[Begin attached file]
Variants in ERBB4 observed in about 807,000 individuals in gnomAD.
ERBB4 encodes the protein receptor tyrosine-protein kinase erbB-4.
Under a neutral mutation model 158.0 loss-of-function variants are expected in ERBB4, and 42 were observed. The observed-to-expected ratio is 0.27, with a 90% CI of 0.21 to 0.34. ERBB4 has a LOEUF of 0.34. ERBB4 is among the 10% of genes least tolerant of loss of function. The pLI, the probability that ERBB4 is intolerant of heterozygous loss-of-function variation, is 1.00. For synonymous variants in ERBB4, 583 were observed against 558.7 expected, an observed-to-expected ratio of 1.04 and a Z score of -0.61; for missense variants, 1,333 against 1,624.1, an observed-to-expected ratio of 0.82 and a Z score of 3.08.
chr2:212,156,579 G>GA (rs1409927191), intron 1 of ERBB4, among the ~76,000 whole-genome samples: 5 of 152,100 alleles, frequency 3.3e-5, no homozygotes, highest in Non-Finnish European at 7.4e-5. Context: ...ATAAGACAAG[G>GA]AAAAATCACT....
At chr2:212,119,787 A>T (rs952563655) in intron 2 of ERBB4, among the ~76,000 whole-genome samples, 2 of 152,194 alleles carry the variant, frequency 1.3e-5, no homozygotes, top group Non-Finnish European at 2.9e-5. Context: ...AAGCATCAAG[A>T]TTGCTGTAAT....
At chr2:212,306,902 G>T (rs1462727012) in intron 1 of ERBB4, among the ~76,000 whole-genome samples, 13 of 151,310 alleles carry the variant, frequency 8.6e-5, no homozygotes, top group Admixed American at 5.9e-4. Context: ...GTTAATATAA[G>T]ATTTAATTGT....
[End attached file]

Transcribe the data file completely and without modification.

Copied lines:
Variants in ERBB4 observed in about 807,000 individuals in gnomAD.
ERBB4 encodes the protein receptor tyrosine-protein kinase erbB-4.
Under a neutral mutation model 158.0 loss-of-function variants are expected in ERBB4, and 42 were observed. The observed-to-expected ratio is 0.27, with a 90% CI of 0.21 to 0.34. ERBB4 has a LOEUF of 0.34. ERBB4 is among the 10% of genes least tolerant of loss of function. The pLI, the probability that ERBB4 is intolerant of heterozygous loss-of-function variation, is 1.00. For synonymous variants in ERBB4, 583 were observed against 558.7 expected, an observed-to-expected ratio of 1.04 and a Z score of -0.61; for missense variants, 1,333 against 1,624.1, an observed-to-expected ratio of 0.82 and a Z score of 3.08.
chr2:212,156,579 G>GA (rs1409927191), intron 1 of ERBB4, among the ~76,000 whole-genome samples: 5 of 152,100 alleles, frequency 3.3e-5, no homozygotes, highest in Non-Finnish European at 7.4e-5. Context: ...ATAAGACAAG[G>GA]AAAAATCACT....
At chr2:212,119,787 A>T (rs952563655) in intron 2 of ERBB4, among the ~76,000 whole-genome samples, 2 of 152,194 alleles carry the variant, frequency 1.3e-5, no homozygotes, top group Non-Finnish European at 2.9e-5. Context: ...AAGCATCAAG[A>T]TTGCTGTAAT....
At chr2:212,306,902 G>T (rs1462727012) in intron 1 of ERBB4, among the ~76,000 whole-genome samples, 13 of 151,310 alleles carry the variant, frequency 8.6e-5, no homozygotes, top group Admixed American at 5.9e-4. Context: ...GTTAATATAA[G>T]ATTTAATTGT....